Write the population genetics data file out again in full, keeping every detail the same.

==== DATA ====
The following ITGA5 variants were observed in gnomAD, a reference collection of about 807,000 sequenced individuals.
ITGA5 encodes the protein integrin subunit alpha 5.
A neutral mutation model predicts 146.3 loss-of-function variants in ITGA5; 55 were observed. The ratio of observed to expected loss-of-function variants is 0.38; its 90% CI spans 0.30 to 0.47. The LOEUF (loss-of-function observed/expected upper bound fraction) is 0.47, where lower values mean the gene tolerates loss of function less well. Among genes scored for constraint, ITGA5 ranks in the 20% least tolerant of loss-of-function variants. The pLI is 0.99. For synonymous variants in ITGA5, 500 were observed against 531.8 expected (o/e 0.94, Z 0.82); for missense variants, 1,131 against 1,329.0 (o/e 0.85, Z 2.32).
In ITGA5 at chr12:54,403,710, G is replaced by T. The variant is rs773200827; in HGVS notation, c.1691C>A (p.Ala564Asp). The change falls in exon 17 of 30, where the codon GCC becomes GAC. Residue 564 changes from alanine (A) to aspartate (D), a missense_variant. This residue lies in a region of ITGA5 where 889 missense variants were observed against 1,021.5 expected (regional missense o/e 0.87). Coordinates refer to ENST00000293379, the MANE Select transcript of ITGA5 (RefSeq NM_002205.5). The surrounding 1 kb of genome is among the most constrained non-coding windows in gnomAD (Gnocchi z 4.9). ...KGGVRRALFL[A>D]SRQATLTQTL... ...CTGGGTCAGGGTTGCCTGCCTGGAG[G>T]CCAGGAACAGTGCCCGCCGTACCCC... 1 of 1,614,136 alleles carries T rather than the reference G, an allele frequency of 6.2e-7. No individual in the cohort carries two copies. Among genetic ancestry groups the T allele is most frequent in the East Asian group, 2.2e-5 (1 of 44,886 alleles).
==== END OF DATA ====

The following ITGA5 variants were observed in gnomAD, a reference collection of about 807,000 sequenced individuals.
ITGA5 encodes the protein integrin subunit alpha 5.
A neutral mutation model predicts 146.3 loss-of-function variants in ITGA5; 55 were observed. The ratio of observed to expected loss-of-function variants is 0.38; its 90% CI spans 0.30 to 0.47. The LOEUF (loss-of-function observed/expected upper bound fraction) is 0.47, where lower values mean the gene tolerates loss of function less well. Among genes scored for constraint, ITGA5 ranks in the 20% least tolerant of loss-of-function variants. The pLI is 0.99. For synonymous variants in ITGA5, 500 were observed against 531.8 expected (o/e 0.94, Z 0.82); for missense variants, 1,131 against 1,329.0 (o/e 0.85, Z 2.32).
In ITGA5 at chr12:54,403,710, G is replaced by T. The variant is rs773200827; in HGVS notation, c.1691C>A (p.Ala564Asp). The change falls in exon 17 of 30, where the codon GCC becomes GAC. Residue 564 changes from alanine (A) to aspartate (D), a missense_variant. This residue lies in a region of ITGA5 where 889 missense variants were observed against 1,021.5 expected (regional missense o/e 0.87). Coordinates refer to ENST00000293379, the MANE Select transcript of ITGA5 (RefSeq NM_002205.5). The surrounding 1 kb of genome is among the most constrained non-coding windows in gnomAD (Gnocchi z 4.9). ...KGGVRRALFL[A>D]SRQATLTQTL... ...CTGGGTCAGGGTTGCCTGCCTGGAG[G>T]CCAGGAACAGTGCCCGCCGTACCCC... 1 of 1,614,136 alleles carries T rather than the reference G, an allele frequency of 6.2e-7. No individual in the cohort carries two copies. Among genetic ancestry groups the T allele is most frequent in the East Asian group, 2.2e-5 (1 of 44,886 alleles).